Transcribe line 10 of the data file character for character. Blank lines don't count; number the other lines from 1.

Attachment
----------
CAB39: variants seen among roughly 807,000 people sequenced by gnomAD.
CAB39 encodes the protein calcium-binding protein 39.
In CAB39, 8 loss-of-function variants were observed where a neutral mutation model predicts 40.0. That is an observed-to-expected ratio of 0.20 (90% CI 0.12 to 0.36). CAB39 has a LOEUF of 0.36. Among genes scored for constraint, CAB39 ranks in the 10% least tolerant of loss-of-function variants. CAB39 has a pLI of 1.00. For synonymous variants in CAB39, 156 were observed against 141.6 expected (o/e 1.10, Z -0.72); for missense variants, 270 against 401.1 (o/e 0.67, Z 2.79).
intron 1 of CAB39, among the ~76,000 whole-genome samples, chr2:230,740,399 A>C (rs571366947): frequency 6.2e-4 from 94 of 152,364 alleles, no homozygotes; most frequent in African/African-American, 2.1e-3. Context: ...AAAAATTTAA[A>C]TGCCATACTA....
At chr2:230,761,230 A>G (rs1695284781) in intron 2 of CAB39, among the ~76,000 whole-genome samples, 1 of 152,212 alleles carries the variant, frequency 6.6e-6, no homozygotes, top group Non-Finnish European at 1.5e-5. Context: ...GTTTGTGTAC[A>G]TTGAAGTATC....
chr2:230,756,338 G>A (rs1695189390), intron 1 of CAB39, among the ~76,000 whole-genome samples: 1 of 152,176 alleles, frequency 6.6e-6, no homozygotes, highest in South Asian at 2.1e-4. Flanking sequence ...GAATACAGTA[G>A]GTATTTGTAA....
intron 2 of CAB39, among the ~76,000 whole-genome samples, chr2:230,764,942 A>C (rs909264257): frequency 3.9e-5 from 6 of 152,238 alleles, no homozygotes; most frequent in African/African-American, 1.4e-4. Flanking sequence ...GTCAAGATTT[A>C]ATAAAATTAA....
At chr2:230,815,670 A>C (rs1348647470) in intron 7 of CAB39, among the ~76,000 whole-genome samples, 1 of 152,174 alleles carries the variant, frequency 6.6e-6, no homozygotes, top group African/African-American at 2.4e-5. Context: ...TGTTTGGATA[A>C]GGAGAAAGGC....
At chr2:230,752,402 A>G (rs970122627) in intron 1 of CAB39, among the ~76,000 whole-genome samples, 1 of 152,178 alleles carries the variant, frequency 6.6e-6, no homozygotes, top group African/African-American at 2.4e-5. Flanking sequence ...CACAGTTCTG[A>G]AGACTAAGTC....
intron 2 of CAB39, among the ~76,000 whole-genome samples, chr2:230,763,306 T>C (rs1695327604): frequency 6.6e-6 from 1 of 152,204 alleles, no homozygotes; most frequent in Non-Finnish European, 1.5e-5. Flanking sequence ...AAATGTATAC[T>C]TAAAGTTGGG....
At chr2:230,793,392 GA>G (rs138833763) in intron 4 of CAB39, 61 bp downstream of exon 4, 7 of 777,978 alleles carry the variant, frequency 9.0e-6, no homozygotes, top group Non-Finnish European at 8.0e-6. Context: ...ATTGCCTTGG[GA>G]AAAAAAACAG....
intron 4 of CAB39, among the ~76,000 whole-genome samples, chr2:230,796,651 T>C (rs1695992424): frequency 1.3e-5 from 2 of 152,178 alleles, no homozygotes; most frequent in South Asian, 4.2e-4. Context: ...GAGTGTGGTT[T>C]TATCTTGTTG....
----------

intron 2 of CAB39, among the ~76,000 whole-genome samples, chr2:230,763,306 T>C (rs1695327604): frequency 6.6e-6 from 1 of 152,204 alleles, no homozygotes; most frequent in Non-Finnish European, 1.5e-5. Flanking sequence ...AAATGTATAC[T>C]TAAAGTTGGG....